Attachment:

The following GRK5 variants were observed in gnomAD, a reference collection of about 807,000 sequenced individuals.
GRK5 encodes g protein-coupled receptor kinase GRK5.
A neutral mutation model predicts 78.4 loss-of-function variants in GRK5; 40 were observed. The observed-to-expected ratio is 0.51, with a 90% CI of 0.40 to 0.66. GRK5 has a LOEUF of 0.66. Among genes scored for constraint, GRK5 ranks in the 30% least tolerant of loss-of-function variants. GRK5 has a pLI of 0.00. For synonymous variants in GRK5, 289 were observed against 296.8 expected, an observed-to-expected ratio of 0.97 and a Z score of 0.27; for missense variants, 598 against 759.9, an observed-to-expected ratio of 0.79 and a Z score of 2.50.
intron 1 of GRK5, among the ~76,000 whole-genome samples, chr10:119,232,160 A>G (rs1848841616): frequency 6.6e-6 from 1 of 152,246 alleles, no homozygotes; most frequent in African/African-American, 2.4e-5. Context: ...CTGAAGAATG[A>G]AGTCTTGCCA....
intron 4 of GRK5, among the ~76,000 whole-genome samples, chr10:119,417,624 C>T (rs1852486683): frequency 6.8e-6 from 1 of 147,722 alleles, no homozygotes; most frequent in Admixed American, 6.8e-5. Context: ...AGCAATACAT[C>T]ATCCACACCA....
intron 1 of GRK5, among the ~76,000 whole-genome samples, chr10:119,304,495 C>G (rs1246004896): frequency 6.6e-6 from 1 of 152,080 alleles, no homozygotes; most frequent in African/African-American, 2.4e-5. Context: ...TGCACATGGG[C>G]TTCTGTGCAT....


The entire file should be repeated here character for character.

The following GRK5 variants were observed in gnomAD, a reference collection of about 807,000 sequenced individuals.
GRK5 encodes g protein-coupled receptor kinase GRK5.
A neutral mutation model predicts 78.4 loss-of-function variants in GRK5; 40 were observed. The observed-to-expected ratio is 0.51, with a 90% CI of 0.40 to 0.66. GRK5 has a LOEUF of 0.66. Among genes scored for constraint, GRK5 ranks in the 30% least tolerant of loss-of-function variants. GRK5 has a pLI of 0.00. For synonymous variants in GRK5, 289 were observed against 296.8 expected, an observed-to-expected ratio of 0.97 and a Z score of 0.27; for missense variants, 598 against 759.9, an observed-to-expected ratio of 0.79 and a Z score of 2.50.
intron 1 of GRK5, among the ~76,000 whole-genome samples, chr10:119,232,160 A>G (rs1848841616): frequency 6.6e-6 from 1 of 152,246 alleles, no homozygotes; most frequent in African/African-American, 2.4e-5. Context: ...CTGAAGAATG[A>G]AGTCTTGCCA....
intron 4 of GRK5, among the ~76,000 whole-genome samples, chr10:119,417,624 C>T (rs1852486683): frequency 6.8e-6 from 1 of 147,722 alleles, no homozygotes; most frequent in Admixed American, 6.8e-5. Context: ...AGCAATACAT[C>T]ATCCACACCA....
intron 1 of GRK5, among the ~76,000 whole-genome samples, chr10:119,304,495 C>G (rs1246004896): frequency 6.6e-6 from 1 of 152,080 alleles, no homozygotes; most frequent in African/African-American, 2.4e-5. Context: ...TGCACATGGG[C>G]TTCTGTGCAT....